As for last week’s national data, initial claims for unemployment insurance got worse. But it was probably due to a technical issue. Consumer sentiment was slightly more positive. Industrial production weakened modestly. Retail sales exceeded expectations despite the fact that, in total, the retail sales recovery is nearly complete. And consumer prices remain under control.
In Arizona, employment improved in September and now stands only 3.1% below year earlier levels. Greater Phoenix was down 2.9% while Greater Tucson was down 4.0%. This compares to a decline of 6.4% nationally. The unemployment rate increased but this was mainly due to growth in the labor force as many started looking for jobs again. August retail sales were up strongly. The Greater Phoenix office market remains under pressure as net absorptions were negative for the second quarter in a row. The industrial market in Great Phoenix continued to do well.
Initial claims jumped this week. But it could be due to technical reasons related to California’s decision to halt processing of new filings for a couple of weeks. Overall, the U.S. labor market continues to recover from the COVID induced recession.
Slowing employment growth, the resurgence in COVID-19 infections, and the absence of additional federal relief payments prompted consumers to become more concerned about the current economic situation. These concerns were largely offset by continued gains in economic prospects for the year ahead. Overall, the University of Michigan Consumer Sentiment index rose to 81.2 in October compared to 80.4 in September and 95.5 a year ago.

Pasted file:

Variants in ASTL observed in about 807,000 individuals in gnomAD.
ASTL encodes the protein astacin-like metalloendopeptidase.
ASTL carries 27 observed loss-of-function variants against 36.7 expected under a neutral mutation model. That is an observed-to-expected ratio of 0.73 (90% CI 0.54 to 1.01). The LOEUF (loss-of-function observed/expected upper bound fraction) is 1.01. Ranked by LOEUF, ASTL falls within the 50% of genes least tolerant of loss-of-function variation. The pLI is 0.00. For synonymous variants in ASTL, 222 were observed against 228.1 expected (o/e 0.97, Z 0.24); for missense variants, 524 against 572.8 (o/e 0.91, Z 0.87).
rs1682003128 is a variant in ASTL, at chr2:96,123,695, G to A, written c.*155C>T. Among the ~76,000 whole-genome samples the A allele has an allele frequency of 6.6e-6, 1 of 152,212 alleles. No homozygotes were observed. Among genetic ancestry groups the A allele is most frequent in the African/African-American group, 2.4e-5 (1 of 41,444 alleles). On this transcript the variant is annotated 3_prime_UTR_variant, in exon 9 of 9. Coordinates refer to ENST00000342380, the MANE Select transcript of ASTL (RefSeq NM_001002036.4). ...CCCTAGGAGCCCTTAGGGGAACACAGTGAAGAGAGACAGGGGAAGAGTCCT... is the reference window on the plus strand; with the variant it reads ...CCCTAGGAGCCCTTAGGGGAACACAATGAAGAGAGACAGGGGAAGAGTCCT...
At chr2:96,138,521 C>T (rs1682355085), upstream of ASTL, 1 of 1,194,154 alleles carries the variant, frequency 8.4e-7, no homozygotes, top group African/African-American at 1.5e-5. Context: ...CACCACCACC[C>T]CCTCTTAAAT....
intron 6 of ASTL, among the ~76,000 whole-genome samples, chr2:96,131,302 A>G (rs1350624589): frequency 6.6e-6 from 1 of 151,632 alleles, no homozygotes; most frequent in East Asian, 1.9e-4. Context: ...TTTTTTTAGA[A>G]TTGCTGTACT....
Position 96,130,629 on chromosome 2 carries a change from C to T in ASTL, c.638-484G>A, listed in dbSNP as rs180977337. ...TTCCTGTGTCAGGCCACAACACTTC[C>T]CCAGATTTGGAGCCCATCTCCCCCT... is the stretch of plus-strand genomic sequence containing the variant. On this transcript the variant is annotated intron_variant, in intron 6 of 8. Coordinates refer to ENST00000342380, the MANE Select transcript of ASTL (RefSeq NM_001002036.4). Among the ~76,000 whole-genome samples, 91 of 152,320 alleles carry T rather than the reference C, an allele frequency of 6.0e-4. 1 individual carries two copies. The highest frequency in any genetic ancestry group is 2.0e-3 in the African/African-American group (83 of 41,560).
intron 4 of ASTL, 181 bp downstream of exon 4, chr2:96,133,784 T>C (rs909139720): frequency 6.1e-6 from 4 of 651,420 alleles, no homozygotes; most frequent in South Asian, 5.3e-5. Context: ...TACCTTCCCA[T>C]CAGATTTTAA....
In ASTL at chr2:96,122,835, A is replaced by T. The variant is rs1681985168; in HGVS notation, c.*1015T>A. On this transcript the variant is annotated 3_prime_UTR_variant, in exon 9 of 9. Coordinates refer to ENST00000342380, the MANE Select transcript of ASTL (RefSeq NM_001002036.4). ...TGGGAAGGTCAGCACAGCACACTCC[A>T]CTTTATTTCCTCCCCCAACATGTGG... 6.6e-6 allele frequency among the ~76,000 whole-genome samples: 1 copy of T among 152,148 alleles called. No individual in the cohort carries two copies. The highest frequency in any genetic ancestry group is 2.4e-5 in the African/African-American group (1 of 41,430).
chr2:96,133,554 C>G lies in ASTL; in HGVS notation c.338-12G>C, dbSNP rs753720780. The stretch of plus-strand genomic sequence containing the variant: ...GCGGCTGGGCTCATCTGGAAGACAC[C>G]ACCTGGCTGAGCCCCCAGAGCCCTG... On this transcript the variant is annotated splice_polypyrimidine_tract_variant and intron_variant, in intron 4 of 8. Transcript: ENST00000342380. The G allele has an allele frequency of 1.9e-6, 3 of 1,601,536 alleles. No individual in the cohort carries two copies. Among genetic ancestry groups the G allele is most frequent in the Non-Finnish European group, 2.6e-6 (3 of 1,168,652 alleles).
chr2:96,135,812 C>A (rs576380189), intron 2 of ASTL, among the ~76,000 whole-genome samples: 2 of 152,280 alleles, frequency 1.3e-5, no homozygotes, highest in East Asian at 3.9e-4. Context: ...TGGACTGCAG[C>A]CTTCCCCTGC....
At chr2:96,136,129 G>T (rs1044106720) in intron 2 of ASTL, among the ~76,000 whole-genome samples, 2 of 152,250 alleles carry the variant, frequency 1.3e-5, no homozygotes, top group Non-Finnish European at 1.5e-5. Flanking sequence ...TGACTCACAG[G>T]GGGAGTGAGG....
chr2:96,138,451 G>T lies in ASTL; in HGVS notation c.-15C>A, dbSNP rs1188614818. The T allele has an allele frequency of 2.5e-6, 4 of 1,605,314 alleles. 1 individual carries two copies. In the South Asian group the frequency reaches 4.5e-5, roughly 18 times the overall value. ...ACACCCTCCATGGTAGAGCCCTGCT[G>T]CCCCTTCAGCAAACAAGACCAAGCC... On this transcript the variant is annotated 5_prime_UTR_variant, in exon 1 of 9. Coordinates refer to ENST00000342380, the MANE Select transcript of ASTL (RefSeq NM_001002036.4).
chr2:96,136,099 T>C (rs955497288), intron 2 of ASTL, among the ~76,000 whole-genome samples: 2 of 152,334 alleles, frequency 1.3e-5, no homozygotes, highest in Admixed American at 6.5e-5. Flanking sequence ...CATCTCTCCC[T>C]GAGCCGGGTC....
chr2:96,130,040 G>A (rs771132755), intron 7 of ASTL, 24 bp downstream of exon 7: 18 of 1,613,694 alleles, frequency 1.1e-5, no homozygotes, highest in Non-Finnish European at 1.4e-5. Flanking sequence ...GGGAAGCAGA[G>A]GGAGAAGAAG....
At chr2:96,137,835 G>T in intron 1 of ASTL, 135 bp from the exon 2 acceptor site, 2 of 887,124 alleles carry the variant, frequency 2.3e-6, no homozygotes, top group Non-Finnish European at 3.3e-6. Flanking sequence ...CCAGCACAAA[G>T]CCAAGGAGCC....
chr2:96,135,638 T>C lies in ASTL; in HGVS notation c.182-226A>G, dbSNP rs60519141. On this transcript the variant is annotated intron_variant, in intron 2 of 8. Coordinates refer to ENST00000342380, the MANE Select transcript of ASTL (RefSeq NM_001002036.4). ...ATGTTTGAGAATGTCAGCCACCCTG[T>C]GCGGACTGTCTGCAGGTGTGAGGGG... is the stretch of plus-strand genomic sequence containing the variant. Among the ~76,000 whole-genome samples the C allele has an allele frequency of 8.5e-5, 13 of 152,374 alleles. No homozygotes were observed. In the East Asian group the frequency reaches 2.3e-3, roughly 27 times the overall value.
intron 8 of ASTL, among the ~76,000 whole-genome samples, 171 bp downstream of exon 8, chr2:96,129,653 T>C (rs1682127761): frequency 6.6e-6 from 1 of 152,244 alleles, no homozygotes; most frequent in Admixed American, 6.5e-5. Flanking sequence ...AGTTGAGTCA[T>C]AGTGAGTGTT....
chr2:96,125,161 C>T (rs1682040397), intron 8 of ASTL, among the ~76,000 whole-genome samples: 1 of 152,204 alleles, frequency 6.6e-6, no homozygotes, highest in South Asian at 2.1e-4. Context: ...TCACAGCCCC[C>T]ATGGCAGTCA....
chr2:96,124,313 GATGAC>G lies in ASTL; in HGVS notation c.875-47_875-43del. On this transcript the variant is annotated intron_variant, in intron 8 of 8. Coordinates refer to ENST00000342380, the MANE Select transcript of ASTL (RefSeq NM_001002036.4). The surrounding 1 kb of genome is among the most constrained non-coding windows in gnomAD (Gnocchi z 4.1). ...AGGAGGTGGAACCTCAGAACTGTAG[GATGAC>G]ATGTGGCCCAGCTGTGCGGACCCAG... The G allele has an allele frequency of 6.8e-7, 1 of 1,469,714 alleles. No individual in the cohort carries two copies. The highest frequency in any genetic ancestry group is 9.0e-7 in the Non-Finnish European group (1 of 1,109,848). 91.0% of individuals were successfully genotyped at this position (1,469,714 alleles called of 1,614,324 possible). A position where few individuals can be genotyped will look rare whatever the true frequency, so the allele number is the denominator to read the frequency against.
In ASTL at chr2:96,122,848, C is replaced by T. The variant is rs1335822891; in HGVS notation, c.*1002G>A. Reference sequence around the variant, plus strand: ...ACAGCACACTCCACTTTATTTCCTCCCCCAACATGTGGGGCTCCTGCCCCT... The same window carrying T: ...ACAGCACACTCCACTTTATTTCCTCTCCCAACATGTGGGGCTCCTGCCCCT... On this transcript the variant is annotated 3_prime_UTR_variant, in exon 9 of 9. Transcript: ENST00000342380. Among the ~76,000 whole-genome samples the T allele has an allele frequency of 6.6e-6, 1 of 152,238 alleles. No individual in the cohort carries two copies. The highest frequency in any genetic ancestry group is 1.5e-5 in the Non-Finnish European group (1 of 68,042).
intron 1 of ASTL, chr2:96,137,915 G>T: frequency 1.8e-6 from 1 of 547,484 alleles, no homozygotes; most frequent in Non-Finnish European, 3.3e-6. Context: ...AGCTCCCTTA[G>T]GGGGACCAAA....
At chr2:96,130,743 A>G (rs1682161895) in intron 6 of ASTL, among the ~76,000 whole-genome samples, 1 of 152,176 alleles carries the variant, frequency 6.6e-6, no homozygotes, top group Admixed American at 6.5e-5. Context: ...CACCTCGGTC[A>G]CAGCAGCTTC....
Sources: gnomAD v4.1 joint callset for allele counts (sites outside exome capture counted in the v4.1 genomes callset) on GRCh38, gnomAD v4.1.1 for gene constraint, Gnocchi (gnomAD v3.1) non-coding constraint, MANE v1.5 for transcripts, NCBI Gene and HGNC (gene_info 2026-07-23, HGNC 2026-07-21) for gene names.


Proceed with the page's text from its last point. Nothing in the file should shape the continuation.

Industrial production fell 0.6% in September. It was the first decline in the last five months. The initial bounce to industrial production after states reopened their economies has faded and the September numbers are in line with the recent moderation. Industrial production remains down 7.3% from a year ago.
Retail sales growth exceeded expectations despite the fact that in total the retail recovery is nearly complete. Retail sales in September were up 1.9% in September from August and are up 5.4% from a year ago.
The CPI rose by 0.2% in September. This was in line with expectations. Food prices were unchanged while energy prices rose 0.8% for the month. Excluding food and energy, prices rose 0.2% as well. Over the last year, overall prices are up 1.4%. Excluding food and energy, prices were up 1.7% for the same period.
Initial claims for unemployment insurance in the state increased over 10,000 for the first time in a month. They now stand 155% above a year ago and signal a modest slowing of labor markets.
On a seasonally adjusted basis, the unemployment rate in the state increased to 6.7% in September from 5.9% in August. Nationally, unemployment fell to 7.9%. A significant part of the state’s increased level was due to a 4.4% rise in the labor force as many who were previously not looking for work reentered labor markets.
Arizona nonfarm employment was up for the month but was down 90,700 jobs or 3.1% from a year ago. For the first nine months of the year, employment in the state was down 2.2% from the similar 2019 period. The majority of the losses from a year ago were in leisure and hospitality (down 56,000), and professional and business services (down 24,300).
In Greater Phoenix, employment was down 63,500 jobs or 2.9% compared to September 2019 and was down 1.8% for the first nine months of the year compared to the similar 2019 period.
Greater Tucson lost 15,800 jobs or 4.0% compared to September 2019 and was down 2.7% for the first nine months of the year.
The Greater Phoenix office market enjoyed its highest average lease rate on record with an average rental rate of $27.95. At the same time, new absorptions were negative for the second quarter in a row in the third quarter. They fell by 578,939 square feet in the third quarter according to CBRE. This compares to a loss of 486,488 square feet in the second quarter. This is the first time since 2009 that absorptions declined for two quarters in a row.